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Troilus and Cressida

Written: 1602 Texts: Quartos (two editions) 1609; First Folio 1623 (Tragedy)
Sources: Homer (c. 900.BC). Iliad (English translation in 1598 by George Chapman); Chaucer, Geoffrey (c.1340-1400). Troilus and Criseyde (c. 1385); Caxton, William (c.1421-91). Recuyell of the Historyes of Troye) (1475, 5th ed. 1596); Lydgate, John (c.1370-1449). The Troy Book (1412-20, 1555 ed); de Malynes, Gerard (1601) The Canker of England's Commonwealth.
Characters: Troilus, Ulysses, Cressida, Hector, Pandarus, Agamemnon, Achilles, Nestor, Aeneas, Diomedes, Thersites, Paris, Helen
Setting: Troy
Time: 1194“1184 BC (Trojan War)


Troilus and Cressida is assumed to be written in 1602 because it was entered into the the Stationers' Register on February 7, 1603. In addition, the Prologue, which appears only in the Folio, includes these lines:

“And hither am I come,
A prologue armed, but not in confidence
Of author's pen or actor's voice, but suited
In like conditions as our argument…”

This seems to be an allusion to Ben Jonson's 1601 Poetaster‘s “armed Prologue” which defends his author's writing against “illiterate apes.”

Two quarto editions were printed in 1609. The second edition includes a preface that states the play was new and, “neuer stal'd with the Stage, neuer clapper-clawed with the palms of the Vulgar.” However, the Stationers' Register of 1603 recorded it as, “‘Troilus and Cresseda' as yt is acted by my lord Chamberlens Men,” and the first quarto edition states, “As it was acted by the Kings Maiefties feruents at the Globe.” Some scholars speculate that the play may have been performed for a private audience but not for the public. Others speculate that performances were planned but cancelled for political reasons.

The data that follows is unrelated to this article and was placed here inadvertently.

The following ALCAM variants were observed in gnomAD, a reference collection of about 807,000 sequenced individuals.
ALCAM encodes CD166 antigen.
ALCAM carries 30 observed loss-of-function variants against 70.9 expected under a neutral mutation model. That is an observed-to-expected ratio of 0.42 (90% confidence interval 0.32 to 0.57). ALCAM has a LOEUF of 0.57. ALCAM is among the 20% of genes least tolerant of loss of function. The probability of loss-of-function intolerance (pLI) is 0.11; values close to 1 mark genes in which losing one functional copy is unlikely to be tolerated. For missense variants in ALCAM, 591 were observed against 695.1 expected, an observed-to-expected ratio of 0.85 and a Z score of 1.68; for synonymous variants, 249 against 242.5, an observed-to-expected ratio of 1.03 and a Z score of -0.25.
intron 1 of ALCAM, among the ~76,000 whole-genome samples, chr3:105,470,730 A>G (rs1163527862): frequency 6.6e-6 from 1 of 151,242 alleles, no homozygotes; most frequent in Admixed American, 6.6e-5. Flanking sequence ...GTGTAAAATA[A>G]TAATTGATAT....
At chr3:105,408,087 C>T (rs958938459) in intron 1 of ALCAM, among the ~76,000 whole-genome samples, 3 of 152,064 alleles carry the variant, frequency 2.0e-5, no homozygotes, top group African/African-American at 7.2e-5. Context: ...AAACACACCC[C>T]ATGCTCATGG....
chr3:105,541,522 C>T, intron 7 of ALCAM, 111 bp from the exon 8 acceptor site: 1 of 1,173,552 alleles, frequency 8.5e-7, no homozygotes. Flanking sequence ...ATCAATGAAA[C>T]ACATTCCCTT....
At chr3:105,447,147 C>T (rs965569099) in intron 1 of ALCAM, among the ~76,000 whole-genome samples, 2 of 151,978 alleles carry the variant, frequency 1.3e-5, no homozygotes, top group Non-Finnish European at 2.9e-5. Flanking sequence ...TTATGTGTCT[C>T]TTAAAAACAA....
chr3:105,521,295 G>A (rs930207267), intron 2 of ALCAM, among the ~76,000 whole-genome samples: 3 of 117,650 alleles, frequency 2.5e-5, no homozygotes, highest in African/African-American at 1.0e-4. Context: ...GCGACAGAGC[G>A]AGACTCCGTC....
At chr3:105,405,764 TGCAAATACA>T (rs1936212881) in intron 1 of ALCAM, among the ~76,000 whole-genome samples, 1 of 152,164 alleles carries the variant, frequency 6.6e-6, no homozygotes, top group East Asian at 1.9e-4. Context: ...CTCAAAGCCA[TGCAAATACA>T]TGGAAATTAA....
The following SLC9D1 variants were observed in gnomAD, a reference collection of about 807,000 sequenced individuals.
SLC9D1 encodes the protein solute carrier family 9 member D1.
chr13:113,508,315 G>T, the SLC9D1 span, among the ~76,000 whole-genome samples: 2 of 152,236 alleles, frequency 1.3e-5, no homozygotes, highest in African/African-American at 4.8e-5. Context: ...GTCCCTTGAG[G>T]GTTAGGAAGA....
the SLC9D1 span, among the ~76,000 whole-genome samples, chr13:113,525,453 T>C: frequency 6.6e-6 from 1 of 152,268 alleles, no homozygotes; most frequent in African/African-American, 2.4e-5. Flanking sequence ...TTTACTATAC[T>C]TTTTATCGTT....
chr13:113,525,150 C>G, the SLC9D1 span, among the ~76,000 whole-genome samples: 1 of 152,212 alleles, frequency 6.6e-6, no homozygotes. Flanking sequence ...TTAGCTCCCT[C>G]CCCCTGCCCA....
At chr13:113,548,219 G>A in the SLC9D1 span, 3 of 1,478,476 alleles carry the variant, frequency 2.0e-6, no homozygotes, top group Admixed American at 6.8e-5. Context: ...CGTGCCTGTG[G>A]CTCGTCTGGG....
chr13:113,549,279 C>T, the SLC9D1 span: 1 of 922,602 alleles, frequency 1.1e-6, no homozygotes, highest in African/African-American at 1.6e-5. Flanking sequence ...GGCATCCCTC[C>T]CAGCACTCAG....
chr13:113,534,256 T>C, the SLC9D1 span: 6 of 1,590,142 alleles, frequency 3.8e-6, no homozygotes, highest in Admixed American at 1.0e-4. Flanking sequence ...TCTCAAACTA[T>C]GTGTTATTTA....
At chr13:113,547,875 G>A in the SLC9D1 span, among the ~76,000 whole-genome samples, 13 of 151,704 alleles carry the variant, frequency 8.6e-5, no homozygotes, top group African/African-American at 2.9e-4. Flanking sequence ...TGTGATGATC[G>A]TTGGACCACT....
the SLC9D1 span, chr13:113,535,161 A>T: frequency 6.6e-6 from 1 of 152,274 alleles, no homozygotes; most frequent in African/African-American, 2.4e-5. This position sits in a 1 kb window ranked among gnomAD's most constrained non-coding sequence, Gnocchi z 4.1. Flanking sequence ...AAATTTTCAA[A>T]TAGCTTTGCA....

Another curious question is whether the play is a comedy, history or tragedy. The first quarto titles it, “THE Hiftorie of Troylus and Creffeida.” The second quarto titles it, “THE Famous Hiftorie of Troylus and Creffeid.” The Folio titles it, “THE TRAGEDIE OF Troylus and Crefsida.” However, the play is omitted from the Folio's Catalogue so it is not listed among the tragedies. In the body of most of the Folios, it is inserted between the histories and the tragedies. In a few Folios, it does not appear at all. The play has elements of comedies – humor, young lovers, a clown – but those elements are found in many of Shakespeare's tragedies. Many modern scholars consider Troilus and Cressida a problem play. The problem this play explores is how affairs of heart and of state are treated in economic or, more specifically, mercantile figurative language.

Iago and Ulysses on Order and Degree

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Ulysses and Iago express similar themes about order and degree. Iago speaks more specifically about seniority versus affections and recommendations.
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In Troy there lies the scene

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Enter the Prologue in armor.

In Troy there lies the scene.Hyperbaton From isles of Greece
The princes orgulousAnastrophe, their high blood chafed,
Have to the port of Athens sent their shipsHyperbaton
Fraught with the ministers and instruments
Of cruel war. Sixty and nine,
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Act 1
Line Prologue

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Well, I have told you enough of this

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Pandarus
Well, I have told you enough of this. For my
part, I’ll not meddle nor make no farther. He that will
have a cake out of the wheat must tarry the grinding.
Troilus
Have I not tarried?
Pandarus
Ay, the grinding; but you must tarry the bolting.
Troilus
Have I not tarried?
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Act 1
Scene 1
Line 13

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O, Pandarus! I tell thee, Pandarus

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O, Pandarus! I tell thee, Pandarus:
When I do tell thee there my hopes lie drowned,